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161 - 170 of 258 results for: ARTHIST

ARTHIST 326: Post-Naturalist Painting (ARTHIST 126)

How conceptual models from language, literature, new technologies, and scientific theory affected picture making following the collapse of the radical naturalism of the 1860s and 1870s. Bracketed in France by the first Impressionist exhibition (1874) and the first public acclamation of major canvases by Matisse and Picasso (1905), the related developments in England, Germany, Belgium, and Austria. Additional weekly discussion for graduate students. Recommended: some prior experience with 19th-century art.
Last offered: Spring 2016

ARTHIST 332: American Art and Culture, 1528-1910 (AMSTUD 132, ARTHIST 132)

The visual arts and literature of the U.S. from the beginnings of European exploration to the Civil War. Focus is on questions of power and its relation to culture from early Spanish exploration to the rise of the middle classes. Cabeza de Vaca, Benjamin Franklin, John Singleton Copley, Phillis Wheatley, Charles Willson Peale, Emerson, Hudson River School, American Genre painters, Melville, Hawthorne and others.
Last offered: Autumn 2013

ARTHIST 342A: The Architecture of Thought: Artists and Thinkers Design for Themselves (ARTHIST 142A)

This course investigates houses, hideaways, and studios that artists and thinkers have designed for themselves with varying degrees of self-consciousness, from subconscious images of the self to knowing stages for the contemplative life. Case studies range from antiquity to the present, from the studio-house of Peter Paul Rubens to that of Kurt Schwitters; from the house-museum of Sir John Soane to the Vittoriale of Gabriele D'Annunzio; from the philosophical dwelling of the Emperor Hadrian to that of Ludwig Wittgenstein.
Last offered: Autumn 2016

ARTHIST 343A: American Architecture (AMSTUD 143A, ARTHIST 143A, CEE 32R)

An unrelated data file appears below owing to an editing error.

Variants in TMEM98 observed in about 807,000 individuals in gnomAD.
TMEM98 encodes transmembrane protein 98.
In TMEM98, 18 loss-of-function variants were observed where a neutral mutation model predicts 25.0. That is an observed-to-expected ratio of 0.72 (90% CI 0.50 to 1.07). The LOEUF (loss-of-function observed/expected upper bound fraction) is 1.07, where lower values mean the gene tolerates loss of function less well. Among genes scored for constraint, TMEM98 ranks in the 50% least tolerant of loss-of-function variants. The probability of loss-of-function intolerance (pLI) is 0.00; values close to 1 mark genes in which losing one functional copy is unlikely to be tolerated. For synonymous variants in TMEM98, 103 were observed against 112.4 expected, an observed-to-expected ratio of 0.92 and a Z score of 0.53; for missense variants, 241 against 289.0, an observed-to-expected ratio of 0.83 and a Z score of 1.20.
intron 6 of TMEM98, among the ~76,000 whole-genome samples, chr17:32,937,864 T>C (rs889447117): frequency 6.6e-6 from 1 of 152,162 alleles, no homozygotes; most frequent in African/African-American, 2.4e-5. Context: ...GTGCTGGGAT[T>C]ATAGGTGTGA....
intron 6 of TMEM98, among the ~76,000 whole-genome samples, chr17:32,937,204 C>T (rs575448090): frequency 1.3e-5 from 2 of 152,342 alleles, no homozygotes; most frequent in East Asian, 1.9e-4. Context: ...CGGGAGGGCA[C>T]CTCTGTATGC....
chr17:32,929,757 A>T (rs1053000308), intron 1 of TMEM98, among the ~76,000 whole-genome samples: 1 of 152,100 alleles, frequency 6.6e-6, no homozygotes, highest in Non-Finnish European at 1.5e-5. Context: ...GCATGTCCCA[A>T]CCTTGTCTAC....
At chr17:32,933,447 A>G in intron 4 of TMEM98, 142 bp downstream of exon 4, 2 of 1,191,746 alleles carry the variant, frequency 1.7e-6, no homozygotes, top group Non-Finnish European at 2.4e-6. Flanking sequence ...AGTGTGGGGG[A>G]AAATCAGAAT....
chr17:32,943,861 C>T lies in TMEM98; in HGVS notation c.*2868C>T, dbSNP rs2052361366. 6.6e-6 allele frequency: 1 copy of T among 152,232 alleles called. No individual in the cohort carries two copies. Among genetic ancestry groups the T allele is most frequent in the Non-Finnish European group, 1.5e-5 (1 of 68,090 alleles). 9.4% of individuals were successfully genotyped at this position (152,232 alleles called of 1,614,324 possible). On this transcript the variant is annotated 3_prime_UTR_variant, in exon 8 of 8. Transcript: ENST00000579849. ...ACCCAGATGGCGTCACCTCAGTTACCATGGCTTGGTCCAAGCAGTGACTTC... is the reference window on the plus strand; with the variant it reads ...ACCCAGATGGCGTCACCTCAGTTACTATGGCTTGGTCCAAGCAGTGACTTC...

A historically based understanding of what defines American architecture. What makes American architecture American, beginning with indigenous structures of pre-Columbian America. Materials, structure, and form in the changing American context. How these ideas are being transformed in today's globalized world.
Terms: Spr | Units: 4
Instructors: Beischer, T. (PI)

ARTHIST 344B: Modern Design from the Eiffel Tower to Yves Saint Laurent (ARTHIST 144B)

Iconic episodes in the history of modern European and American design, including production, consumption, circulation and display -- from iron architecture of the department store and the universal exhibition to the branding practices of Andy Warhol and Yves Saint Laurent.
Last offered: Spring 2017

ARTHIST 345: Culture Wars: Art and Social Conflict in the USA, 1890-1950 (AMSTUD 145M, ARTHIST 145, FEMGEN 145)

This course examines social conflicts and political controversies in American culture through the lens of visual art and photography. We consider how visual images both reflect and participate in the social and political life of the nation and how the terms of citizenship have been represented¿and, at times, contested¿by artists throughout the first half of the 20th century. The class explores the relation between American art and the body politic by focusing on issues of poverty, war, censorship, consumerism, class identity, and racial division.